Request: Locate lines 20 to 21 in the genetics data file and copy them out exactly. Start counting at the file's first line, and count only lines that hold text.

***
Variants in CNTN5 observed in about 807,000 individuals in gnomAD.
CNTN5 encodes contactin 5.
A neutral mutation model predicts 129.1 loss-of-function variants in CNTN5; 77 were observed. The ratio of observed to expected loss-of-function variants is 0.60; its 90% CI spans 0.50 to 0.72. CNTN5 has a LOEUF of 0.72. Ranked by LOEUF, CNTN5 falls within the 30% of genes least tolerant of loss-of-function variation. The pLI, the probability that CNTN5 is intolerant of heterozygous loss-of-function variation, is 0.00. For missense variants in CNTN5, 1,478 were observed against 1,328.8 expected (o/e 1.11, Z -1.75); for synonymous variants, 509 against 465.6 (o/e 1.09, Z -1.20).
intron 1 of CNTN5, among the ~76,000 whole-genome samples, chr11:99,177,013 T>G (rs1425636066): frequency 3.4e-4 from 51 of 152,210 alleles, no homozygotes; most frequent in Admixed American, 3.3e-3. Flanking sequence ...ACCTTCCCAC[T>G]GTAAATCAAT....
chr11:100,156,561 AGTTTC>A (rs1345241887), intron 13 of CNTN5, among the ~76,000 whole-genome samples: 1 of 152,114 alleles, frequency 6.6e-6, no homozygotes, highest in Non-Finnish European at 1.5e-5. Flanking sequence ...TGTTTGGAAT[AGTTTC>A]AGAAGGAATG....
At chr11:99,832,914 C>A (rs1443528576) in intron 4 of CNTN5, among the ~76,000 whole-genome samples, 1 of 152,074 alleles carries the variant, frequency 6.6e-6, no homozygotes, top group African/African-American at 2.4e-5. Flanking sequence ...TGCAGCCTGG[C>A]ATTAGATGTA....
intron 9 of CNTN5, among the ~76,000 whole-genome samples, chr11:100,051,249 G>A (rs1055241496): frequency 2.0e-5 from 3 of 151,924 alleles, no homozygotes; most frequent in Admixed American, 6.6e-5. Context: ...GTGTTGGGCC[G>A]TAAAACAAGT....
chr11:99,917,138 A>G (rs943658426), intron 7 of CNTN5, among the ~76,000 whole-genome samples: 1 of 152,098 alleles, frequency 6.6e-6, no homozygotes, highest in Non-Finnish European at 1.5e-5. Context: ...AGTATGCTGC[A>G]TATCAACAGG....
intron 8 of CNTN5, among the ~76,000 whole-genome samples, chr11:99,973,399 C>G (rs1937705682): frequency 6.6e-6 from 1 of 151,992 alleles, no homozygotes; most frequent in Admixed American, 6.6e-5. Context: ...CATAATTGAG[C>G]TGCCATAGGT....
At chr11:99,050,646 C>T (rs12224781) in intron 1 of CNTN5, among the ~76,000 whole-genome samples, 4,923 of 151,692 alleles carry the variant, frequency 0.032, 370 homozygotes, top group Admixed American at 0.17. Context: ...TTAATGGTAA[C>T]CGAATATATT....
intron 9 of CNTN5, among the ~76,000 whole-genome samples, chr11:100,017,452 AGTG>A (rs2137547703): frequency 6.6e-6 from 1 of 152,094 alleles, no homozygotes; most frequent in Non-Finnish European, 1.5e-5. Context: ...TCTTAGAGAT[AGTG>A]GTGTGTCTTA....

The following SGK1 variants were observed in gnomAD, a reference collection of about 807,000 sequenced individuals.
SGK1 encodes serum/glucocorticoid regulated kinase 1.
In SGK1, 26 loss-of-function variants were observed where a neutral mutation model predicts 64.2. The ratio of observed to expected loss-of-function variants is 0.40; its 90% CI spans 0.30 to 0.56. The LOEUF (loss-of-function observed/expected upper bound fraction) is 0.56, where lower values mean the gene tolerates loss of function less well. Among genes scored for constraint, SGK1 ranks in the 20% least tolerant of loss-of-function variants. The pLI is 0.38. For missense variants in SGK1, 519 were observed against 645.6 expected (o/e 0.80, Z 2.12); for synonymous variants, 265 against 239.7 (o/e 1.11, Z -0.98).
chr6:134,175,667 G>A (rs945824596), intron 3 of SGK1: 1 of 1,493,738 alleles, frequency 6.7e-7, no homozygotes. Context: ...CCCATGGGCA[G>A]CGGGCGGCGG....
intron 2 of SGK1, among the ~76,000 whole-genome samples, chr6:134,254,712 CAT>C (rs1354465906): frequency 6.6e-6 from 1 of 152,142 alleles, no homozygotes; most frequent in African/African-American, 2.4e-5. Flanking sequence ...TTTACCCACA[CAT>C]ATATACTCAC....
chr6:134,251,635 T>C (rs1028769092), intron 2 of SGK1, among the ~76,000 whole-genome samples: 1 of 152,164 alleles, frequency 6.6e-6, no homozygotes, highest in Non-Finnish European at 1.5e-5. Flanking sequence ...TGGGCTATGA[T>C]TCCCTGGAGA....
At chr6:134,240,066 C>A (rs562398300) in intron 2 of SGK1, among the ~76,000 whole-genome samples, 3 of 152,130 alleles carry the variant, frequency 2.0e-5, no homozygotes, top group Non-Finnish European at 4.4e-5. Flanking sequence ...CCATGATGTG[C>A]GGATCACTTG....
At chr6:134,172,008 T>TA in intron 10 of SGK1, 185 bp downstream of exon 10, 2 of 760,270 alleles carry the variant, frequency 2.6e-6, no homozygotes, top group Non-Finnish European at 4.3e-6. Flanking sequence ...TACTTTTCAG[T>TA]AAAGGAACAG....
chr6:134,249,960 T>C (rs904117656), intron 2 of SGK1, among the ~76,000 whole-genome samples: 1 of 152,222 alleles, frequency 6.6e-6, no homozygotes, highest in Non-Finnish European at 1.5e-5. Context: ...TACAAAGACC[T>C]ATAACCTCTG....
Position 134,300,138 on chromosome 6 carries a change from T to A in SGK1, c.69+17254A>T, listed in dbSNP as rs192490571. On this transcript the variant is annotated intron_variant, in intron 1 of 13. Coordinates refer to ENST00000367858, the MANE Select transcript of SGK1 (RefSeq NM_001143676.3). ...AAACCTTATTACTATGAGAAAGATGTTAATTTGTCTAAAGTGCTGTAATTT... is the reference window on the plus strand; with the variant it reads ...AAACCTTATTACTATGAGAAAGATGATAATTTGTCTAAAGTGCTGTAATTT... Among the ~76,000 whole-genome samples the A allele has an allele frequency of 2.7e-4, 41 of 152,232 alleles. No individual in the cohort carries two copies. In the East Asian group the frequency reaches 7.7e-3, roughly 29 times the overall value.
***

chr6:134,249,960 T>C (rs904117656), intron 2 of SGK1, among the ~76,000 whole-genome samples: 1 of 152,222 alleles, frequency 6.6e-6, no homozygotes, highest in Non-Finnish European at 1.5e-5. Context: ...TACAAAGACC[T>C]ATAACCTCTG....
Position 134,300,138 on chromosome 6 carries a change from T to A in SGK1, c.69+17254A>T, listed in dbSNP as rs192490571. On this transcript the variant is annotated intron_variant, in intron 1 of 13. Coordinates refer to ENST00000367858, the MANE Select transcript of SGK1 (RefSeq NM_001143676.3). ...AAACCTTATTACTATGAGAAAGATGTTAATTTGTCTAAAGTGCTGTAATTT... is the reference window on the plus strand; with the variant it reads ...AAACCTTATTACTATGAGAAAGATGATAATTTGTCTAAAGTGCTGTAATTT... Among the ~76,000 whole-genome samples the A allele has an allele frequency of 2.7e-4, 41 of 152,232 alleles. No individual in the cohort carries two copies. In the East Asian group the frequency reaches 7.7e-3, roughly 29 times the overall value.